Your son has come to you with his holiday homework during vacation. You go through it and set his time table and lay down your expectations. After two weeks, you check on his progress and find that he hasn’t gone past even one topic. He said he didn’t understand what they were asking and was afraid to ask for help. Although you may want to blame your son, the truth is that you’re as much to blame as he is.
How could you have prevented this?
These types of situations occur because you, as a leader, don’t use a style of leadership that fits the readiness of the person for that work at that time. When these don’t match, it is bound to lead to failures.
Here, we’ll review the Hersey-Blanchard Situational Leadership Theory, and we’ll explain how it’s used in different leadership situations. Situational leadership says that a manager or person of authority should adapt their styles of leadership based upon the situation and the readiness of their people.
This theory has been developed by Dr. Paul Hersey, a professor and author of “The Situational Leader”, and Ken Blanchard, the author of the “One-Minute Manager.”
The theory states that successful leaders should change their leadership styles based on the readiness of the people they’re leading and the details of the task. Depending upon performance readiness level of the follower (combination of ability and willingness) to perform a specific task, the manager/leader needs to determine the appropriate level and style of leadership that is needed to complete the work.
If your employee/child isn’t lacks knowledge or capability to handle the task, then you need to spend more time on explaining what needs to be done and how.
If he or she has the knowledge and capability to perform the task, then you need to spend more time building the relationship and trusting that it will be completed satisfactorily.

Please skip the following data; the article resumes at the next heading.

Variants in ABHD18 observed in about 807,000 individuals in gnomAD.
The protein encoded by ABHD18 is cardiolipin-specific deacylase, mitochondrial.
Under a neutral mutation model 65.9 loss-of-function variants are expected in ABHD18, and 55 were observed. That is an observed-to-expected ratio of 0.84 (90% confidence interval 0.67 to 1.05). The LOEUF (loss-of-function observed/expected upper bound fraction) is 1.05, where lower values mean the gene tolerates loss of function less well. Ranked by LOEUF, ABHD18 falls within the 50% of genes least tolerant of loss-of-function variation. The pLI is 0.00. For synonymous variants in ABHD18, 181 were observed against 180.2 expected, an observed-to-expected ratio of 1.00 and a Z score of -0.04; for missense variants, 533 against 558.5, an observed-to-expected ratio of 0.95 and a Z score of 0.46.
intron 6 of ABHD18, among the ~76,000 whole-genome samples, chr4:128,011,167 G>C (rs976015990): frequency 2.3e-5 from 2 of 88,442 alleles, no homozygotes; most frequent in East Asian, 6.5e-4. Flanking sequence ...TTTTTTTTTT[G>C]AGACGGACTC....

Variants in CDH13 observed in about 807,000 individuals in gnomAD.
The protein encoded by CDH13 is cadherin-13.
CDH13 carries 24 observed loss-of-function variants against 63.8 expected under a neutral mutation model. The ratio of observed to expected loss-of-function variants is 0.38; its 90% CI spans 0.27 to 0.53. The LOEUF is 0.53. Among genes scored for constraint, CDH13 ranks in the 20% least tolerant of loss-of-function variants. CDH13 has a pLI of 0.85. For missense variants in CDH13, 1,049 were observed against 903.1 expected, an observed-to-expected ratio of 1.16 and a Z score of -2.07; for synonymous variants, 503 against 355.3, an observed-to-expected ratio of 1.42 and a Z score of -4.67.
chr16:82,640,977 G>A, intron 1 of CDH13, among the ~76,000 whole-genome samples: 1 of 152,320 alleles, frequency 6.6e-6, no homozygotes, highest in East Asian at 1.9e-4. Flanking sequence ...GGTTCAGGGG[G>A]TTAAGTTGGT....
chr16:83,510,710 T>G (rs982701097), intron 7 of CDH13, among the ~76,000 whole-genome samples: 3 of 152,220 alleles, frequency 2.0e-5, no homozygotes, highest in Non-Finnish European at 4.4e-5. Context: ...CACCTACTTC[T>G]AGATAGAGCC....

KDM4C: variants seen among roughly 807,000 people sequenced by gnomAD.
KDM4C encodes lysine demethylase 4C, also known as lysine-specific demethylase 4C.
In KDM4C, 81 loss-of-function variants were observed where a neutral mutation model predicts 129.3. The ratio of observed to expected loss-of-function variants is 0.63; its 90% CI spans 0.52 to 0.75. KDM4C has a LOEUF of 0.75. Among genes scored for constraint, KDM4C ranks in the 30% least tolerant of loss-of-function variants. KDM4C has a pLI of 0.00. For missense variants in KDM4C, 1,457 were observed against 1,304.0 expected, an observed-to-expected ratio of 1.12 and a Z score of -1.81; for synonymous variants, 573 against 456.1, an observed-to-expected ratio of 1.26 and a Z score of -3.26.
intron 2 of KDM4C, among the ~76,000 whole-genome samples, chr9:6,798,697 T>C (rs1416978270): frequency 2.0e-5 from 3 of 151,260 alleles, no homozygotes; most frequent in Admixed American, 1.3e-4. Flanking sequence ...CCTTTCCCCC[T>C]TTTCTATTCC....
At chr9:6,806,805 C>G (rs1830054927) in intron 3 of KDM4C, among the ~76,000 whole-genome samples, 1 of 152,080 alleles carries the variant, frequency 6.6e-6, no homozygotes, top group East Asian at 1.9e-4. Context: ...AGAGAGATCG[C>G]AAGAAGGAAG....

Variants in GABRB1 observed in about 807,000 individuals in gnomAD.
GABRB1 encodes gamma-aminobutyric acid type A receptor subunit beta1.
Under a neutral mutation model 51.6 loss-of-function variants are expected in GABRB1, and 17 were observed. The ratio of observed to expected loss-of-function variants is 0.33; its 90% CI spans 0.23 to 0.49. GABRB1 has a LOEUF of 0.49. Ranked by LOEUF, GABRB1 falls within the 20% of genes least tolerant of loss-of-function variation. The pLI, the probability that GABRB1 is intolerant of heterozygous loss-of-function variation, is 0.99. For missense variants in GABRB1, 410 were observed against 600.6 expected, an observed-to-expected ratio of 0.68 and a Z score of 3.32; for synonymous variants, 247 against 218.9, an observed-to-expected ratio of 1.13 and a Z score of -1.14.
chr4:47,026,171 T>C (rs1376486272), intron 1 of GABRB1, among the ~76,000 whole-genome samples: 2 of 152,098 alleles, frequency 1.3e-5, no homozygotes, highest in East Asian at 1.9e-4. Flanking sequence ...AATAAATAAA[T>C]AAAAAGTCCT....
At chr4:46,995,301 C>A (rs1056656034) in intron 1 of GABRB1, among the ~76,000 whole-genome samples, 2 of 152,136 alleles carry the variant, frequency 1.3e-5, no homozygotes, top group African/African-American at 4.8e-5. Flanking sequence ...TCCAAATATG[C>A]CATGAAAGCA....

Hersey and Blanchard came up with four readiness levels and styles of leadership based upon the situational leadership theories. Each level works well with the other. They developed four leadership styles (S1 to S4) that match the readiness levels (R1 to R4) of the followers.
According to Hersey and Blanchard, knowing when to use each style is largely dependent on the readiness of the person or group one is leading. The four different readiness levels are:
• R1 – People at this level of readiness lack the knowledge, skills, or confidence to work on their own, and they often need to be pushed to take the task on. They are unable and unwilling.
• R2 – at this level, people might be willing to work on the task, but they still don’t have the skills to complete it successfully. The person is, therefore, unable but willing or motivated.
• R3 – Here, people are ready to perform the task. They will be called able but unwilling or insecure.
• R4 – These people are able to work on their own. They have high confidence and strong skills, and they’re committed to the task. They are, therefore, able and willing or motivated
According to Hersey and Blanchard, the four main leadership styles are:
• Telling (S1) – Leaders tell their people what to do and how to do it.
• Selling (S2) – Leaders provide information and direction, but there’s more communication with followers. Leaders use explaining and persuading skills to get the task completed
• Participating (S3) – Leaders focus more on the relationship and less on direction. The leader focuses on encouraging his people and collaborative problem solving approach.
• Delegating (S4) – Leaders give most of the responsibility onto the follower or group. The leaders focus on monitoring and observing the group.
The above concept can be understood more clearly from the diagram depicted below. Styles S1 and S2 (correspond to readiness level R1 and R2) are focused on getting the task done. Styles S3 and S4(for readiness level R3 and R4) are more concerned with developing team members’ abilities to work independently.